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Dot Matrix    7,438

Actually no they didn't. That is an independent app which is included with Lion which allows you to launch applications. It is an app that if dragged out of the dock does nothing. And you'll note it does NOT launch iOS applications. It only launches Mac OS X Lion applications. Unlike Metro which is designed to launch both Windows desktop apps and Metro apps (The same kind of apps you'll find on Windows Phone). And again where do you see Mac OS X Lion on an iPad? You don't.

It's not iOS per se, but like Microsoft, Apple is slowly combining the two. You'll see iOS on the desktop in full soon enough.

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BajiRav    2,137

I agree with you completely that Apple has won with iOS on the iPad and iPhone. But do you see Apple putting a touch screen in their notebooks and desktops? Do you see them putting iOS on their desktop machines? or Mac OS X Lion on iPads? No you do not.

Microsoft got it all wrong. They should have taken Windows Phone 7, blown the interface up and started churning out ARM tablets based on it. Instead they have taken Windows and slapped Metro on it. So now instead of having two targeted derivatives of windows we have a jack of all trades which is master of nothing. Once again Apple gets it. Microsoft doesn't.

Even Google weren't stupid enough to put Android on their Chrome Books. They too understand different form factors need different interfaces tailored to its hardware. Not a one size fits all.

It remains to be seen if Microsoft is wrong with their approach but Apple already took first steps for unifying interfaces and they did it in a worse manner than Microsoft with Launchpad(Dot Matrix's post above). I am sure next version of OS X will go down the same path.

As for Google is considered, they are shoehorning Browser as an OS approach which is the stupidest of these three.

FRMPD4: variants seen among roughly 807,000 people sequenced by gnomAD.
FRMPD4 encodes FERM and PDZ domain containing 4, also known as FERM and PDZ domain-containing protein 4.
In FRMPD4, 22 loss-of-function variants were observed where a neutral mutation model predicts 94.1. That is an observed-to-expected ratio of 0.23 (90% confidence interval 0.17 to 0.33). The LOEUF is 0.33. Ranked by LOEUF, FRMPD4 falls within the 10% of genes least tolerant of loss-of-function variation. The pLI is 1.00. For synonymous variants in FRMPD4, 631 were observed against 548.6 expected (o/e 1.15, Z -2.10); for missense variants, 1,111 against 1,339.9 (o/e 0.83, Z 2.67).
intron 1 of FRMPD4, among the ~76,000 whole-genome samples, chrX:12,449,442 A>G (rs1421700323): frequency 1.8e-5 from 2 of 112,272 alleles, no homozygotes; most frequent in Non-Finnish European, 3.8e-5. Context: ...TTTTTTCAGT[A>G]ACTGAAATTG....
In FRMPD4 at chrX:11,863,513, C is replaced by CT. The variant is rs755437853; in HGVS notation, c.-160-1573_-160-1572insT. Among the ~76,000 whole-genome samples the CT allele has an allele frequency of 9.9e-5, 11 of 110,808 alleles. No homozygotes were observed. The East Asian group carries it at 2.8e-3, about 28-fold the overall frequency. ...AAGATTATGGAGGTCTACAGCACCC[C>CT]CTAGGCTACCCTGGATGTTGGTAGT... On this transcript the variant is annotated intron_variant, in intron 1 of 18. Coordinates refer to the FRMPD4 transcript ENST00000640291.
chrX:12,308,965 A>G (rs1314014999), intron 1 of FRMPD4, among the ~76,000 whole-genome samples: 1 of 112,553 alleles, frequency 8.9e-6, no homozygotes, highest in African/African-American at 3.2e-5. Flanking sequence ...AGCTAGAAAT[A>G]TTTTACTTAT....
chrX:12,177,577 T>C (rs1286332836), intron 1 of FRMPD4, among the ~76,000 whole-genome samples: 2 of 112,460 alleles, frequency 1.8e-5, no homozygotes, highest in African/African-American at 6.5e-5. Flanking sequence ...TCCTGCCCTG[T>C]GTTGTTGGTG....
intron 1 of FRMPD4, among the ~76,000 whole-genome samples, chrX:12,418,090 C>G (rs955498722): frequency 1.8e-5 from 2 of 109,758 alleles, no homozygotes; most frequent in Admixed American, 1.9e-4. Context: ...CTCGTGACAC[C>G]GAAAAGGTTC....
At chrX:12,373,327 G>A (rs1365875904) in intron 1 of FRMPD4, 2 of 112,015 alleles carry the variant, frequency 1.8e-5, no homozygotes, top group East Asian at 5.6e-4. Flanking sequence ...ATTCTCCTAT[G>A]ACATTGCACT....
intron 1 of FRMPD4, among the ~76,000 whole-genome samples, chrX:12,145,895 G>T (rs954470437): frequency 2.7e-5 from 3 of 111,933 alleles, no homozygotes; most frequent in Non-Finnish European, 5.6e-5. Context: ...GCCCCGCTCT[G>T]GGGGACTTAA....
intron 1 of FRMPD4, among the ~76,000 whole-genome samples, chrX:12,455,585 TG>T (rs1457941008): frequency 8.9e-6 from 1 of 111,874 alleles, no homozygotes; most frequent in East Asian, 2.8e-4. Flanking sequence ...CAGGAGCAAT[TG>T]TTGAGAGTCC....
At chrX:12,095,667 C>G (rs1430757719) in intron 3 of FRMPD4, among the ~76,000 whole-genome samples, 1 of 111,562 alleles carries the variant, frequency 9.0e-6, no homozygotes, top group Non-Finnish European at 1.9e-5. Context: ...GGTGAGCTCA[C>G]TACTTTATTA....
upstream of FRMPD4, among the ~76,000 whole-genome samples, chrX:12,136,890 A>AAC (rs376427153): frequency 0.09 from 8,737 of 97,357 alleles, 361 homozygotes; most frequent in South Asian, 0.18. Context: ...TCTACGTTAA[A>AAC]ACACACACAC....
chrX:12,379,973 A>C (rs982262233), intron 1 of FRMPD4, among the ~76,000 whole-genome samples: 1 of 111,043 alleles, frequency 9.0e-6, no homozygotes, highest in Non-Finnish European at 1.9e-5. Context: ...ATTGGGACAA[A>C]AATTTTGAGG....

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Vice    1,593

It's not iOS per se, but like Microsoft, Apple is slowly combining the two. You'll see iOS on the desktop in full soon enough.

Perhaps. But I don't think so. Apple is very much against a touch display on a desktop and notebook. The late Steve Jobs spoke many times about this in interviews he did that holding your arm out on a screen became uncomfortable. I bring this up because iOS is designed only for fingers and it doesn't work good with a Mouse and Keyboard.

The launcher they included in Lion was the only part of iOS that is really suited to use on a desktop because as you'll note it's just a grid of icons and labels. In short it looks identical to the way users launched applications previously by accessing the Applications folder on their mac which contained a grid of application icons with labels. The only difference being that Apple has included it as a dedicated icon on the dock to access your Application folder and blurred the background behind the apps. Apart from that it's business as usual.

Also keep in mind that iOS only really has three screens. The home screen the lock screen and the notification screen. Everything else is inside an Application. So unless Apple intends to allow iPhone/iPad apps to run on a Mac there is nothing else left to port.

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zhangm    1,394

I think Microsoft is expanding into a very promising change in UIs.

Consider icons and how they are used on the desktop. They're informative, in a sense: there is a caption to tell you what it is or what it does, and an image of what it is, or what it does. The Recycle Bin icon is perhaps the most dynamic and informative thing on the traditional Windows desktop, since it changes based on some parameter of the file system. Nonetheless, the whole desktop is mostly empty space - what do you get from looking at it, or hovering over bits of your wallpaper?